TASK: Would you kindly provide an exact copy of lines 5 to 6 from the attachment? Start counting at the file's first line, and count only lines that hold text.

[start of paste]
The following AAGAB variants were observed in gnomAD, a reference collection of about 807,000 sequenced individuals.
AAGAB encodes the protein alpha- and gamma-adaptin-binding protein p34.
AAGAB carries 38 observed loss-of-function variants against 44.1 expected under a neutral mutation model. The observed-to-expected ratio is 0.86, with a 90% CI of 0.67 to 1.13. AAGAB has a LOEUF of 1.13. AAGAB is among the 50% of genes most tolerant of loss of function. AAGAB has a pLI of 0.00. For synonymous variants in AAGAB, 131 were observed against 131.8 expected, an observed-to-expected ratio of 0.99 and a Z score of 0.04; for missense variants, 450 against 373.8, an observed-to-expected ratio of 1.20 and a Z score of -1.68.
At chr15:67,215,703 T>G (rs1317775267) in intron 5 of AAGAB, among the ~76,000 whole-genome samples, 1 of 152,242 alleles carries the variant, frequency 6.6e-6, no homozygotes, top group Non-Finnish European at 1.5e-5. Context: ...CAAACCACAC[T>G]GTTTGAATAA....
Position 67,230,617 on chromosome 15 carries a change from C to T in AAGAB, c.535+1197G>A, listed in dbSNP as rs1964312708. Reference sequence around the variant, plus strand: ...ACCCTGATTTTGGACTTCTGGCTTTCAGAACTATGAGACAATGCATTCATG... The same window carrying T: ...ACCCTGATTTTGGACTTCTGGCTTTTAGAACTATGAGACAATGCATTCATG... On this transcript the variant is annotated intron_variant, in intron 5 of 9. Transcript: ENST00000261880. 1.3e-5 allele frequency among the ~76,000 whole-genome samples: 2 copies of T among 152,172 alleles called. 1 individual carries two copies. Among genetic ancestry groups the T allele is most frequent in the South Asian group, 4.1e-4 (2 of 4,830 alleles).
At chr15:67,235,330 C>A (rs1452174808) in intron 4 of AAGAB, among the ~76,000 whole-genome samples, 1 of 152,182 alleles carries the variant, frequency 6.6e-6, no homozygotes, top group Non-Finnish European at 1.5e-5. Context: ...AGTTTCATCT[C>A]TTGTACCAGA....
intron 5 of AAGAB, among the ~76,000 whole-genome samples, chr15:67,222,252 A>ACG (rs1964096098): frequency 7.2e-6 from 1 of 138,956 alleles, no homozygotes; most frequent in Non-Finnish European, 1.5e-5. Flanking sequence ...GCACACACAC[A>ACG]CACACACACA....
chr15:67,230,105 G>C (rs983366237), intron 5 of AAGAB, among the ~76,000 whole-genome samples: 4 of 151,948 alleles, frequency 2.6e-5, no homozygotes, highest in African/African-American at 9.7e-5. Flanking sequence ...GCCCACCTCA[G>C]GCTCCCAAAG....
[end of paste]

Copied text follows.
Position 67,230,617 on chromosome 15 carries a change from C to T in AAGAB, c.535+1197G>A, listed in dbSNP as rs1964312708. Reference sequence around the variant, plus strand: ...ACCCTGATTTTGGACTTCTGGCTTTCAGAACTATGAGACAATGCATTCATG... The same window carrying T: ...ACCCTGATTTTGGACTTCTGGCTTTTAGAACTATGAGACAATGCATTCATG... On this transcript the variant is annotated intron_variant, in intron 5 of 9. Transcript: ENST00000261880. 1.3e-5 allele frequency among the ~76,000 whole-genome samples: 2 copies of T among 152,172 alleles called. 1 individual carries two copies. Among genetic ancestry groups the T allele is most frequent in the South Asian group, 4.1e-4 (2 of 4,830 alleles).
At chr15:67,235,330 C>A (rs1452174808) in intron 4 of AAGAB, among the ~76,000 whole-genome samples, 1 of 152,182 alleles carries the variant, frequency 6.6e-6, no homozygotes, top group Non-Finnish European at 1.5e-5. Context: ...AGTTTCATCT[C>A]TTGTACCAGA....